4 Lawns don't need to be hosed
The grass will soon revive when it rains again. Use good mulch on your flowerbeds; this will retain water and so reduce the need to use water from the tap. Remember also that you can use your vegetable preparation water and washing-up water on your flower beds. Use a watering can instead of a hose.
5 Fix leaking taps as soon as you hear them
Remember to check that your home is leak free and fix those dripping taps. Phone and report water leakage from burst pipes to your local authority.
6 Use your washing machine and dishwasher only when they are full
A typical washing machine on full cycle uses about 45 litres of water. A dishwasher uses 20 litres. Try to use your appliances onlywhen you have a full load. You will save money and conserve water.
7 Turn off the tap while you are brushing your teeth, shaving or washing your hands
A running tap will dispense up to 6 litres of water a minute. Put water into the sink or a bowl for shaving and washing your hands (and then use the water on the garden).
8 In the shower
Reduce the time you spend in the shower. A power shower will use over 125 litres in less than five minutes (a bath takes 80 litres of water).
9 Know how to turn off your water supply
This could save thousands of litres of water and avoid damage to your home in the event of a pipe burst.
10 Hot drinks
Fill the kettle with enough for your needs, not to the brim. It saves energy too.
To check for a leak, remove the top of the tank behind the bowl and put three or four drops of food colouring in the tank water. Don’t flush the toilet for an hour or more if possible. Then check the water in the bowl, if the bowl water has been coloured with the food colouring, you have a leak. This type of leak is usually easy to eliminate by replacing the flapper assembly. If this does not work, consult your hardware store or plumber.
- Open the attic door to allow heat into the attic.
- Ensure that there is a gap in your attic insulation immediately under the storage tank – attic insulation should be laid above and around the storage tank, not under it.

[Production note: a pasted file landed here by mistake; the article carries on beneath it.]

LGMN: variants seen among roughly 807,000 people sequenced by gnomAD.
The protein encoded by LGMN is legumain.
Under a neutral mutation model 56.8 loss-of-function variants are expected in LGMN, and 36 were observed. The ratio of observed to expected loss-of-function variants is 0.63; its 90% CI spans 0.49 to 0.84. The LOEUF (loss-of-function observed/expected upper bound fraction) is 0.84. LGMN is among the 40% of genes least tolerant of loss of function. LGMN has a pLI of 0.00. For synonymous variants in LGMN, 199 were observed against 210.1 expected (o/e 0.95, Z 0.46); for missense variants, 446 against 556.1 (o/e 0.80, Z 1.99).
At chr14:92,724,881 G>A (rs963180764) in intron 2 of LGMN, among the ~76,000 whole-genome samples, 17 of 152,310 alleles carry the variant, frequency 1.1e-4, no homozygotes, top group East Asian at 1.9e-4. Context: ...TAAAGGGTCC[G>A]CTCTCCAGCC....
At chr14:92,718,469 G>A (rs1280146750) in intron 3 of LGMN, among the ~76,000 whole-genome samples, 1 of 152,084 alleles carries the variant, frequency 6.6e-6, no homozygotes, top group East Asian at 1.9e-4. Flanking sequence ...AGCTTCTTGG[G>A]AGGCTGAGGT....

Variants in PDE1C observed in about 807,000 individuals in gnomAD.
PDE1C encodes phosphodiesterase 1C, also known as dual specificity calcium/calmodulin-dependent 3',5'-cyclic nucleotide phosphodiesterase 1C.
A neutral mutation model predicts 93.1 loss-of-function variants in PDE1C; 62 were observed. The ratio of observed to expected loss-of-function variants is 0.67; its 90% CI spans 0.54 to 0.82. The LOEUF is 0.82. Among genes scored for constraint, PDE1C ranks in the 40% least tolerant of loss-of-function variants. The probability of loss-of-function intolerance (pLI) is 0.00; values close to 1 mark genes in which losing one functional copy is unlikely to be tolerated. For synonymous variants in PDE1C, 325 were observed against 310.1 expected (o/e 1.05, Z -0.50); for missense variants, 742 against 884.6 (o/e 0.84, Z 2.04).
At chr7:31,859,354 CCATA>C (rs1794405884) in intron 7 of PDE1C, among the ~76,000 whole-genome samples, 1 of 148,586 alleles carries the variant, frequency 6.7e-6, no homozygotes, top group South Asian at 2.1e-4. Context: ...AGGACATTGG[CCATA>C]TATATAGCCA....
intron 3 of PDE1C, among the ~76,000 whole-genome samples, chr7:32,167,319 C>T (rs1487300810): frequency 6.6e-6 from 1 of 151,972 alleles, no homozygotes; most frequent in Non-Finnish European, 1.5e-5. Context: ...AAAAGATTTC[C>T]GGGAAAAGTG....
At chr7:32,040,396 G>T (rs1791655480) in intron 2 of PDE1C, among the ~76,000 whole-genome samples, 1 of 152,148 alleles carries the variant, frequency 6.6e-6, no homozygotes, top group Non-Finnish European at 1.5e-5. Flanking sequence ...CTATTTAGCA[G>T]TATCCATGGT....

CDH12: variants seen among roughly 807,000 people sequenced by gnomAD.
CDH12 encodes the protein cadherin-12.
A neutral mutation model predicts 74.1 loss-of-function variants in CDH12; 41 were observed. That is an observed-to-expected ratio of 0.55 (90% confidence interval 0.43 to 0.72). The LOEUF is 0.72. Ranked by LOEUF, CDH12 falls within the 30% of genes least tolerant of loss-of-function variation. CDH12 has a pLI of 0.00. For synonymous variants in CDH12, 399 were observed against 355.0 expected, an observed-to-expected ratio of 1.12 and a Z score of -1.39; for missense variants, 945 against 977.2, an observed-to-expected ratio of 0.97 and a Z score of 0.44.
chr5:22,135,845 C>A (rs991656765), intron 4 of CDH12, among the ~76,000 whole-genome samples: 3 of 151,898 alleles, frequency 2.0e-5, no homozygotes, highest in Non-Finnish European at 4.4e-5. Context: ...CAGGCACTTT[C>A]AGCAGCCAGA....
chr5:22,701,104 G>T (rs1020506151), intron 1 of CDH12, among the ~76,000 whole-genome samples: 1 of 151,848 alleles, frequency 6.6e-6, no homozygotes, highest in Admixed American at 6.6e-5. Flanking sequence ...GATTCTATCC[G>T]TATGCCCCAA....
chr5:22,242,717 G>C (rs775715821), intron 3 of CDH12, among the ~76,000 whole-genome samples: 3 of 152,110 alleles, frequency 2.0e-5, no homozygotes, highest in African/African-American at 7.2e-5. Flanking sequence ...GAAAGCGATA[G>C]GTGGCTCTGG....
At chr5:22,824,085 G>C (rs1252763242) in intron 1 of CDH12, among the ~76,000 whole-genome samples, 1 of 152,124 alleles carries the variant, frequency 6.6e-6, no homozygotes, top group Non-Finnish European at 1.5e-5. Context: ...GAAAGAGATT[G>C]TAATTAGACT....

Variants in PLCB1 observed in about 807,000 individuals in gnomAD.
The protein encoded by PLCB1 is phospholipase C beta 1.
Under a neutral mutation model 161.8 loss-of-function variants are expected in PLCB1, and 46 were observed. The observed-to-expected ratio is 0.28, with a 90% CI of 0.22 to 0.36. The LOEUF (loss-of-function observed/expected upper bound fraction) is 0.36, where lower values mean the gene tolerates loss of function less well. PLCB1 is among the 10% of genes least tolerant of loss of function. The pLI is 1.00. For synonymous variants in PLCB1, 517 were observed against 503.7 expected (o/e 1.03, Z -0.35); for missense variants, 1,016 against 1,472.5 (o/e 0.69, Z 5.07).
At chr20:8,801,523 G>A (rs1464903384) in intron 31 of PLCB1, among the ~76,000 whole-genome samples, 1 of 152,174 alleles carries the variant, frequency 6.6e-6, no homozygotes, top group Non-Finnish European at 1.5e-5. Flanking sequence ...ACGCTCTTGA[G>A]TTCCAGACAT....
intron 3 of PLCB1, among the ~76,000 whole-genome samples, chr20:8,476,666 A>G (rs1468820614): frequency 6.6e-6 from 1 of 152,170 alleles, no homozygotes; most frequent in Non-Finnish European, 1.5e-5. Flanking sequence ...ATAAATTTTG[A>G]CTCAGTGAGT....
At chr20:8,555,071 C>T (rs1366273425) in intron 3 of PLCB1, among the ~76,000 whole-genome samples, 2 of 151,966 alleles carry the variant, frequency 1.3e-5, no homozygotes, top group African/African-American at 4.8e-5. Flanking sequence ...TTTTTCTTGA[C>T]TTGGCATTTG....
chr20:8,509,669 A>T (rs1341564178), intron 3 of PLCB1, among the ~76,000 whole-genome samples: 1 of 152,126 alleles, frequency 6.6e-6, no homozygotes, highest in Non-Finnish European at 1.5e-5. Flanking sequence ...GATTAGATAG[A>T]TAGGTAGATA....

- Leave a light on in the attic close to the storage tank and pipes.
- Leave heating on for longer than normal.
- Place a piece of insulation – e.g. carpet or matting – over your external stopcock.
- If you have an outside tap, insulate it and any exposed pipes with material that does not hold water.
- Farmers and landowners should carry out regular checks on service pipes to water troughs.
- If you own or manage a building that is vacant or has been unused for a period – e.g. a school over the Christmas holidays, or a holiday home – open it up and check for frozen and leaking pipes.
Drain down the water supply system to avoid problems with bursts due to pipes freezing and damage to the heating system. If you are unsure how to do this on your internal supply system, ask the advice of a qualified plumber.
Alternatively, arrange that the unoccupied property is heated, if only for part of the day, if the water is still connected. Ensure that this heat can get to the water storage tank in the attic by leaving the attic hatch open.
Check your unoccupied property as regularly as possible during the freezing weather, including garages and outhouse,s and respond quickly to any burst pipes by calling in a qualified plumber.
Locate and check your stopcock to ensure that it is working. Stopcocks also need to be insulated with a material that does not hold water. All insulation material must be maintained in a dry state.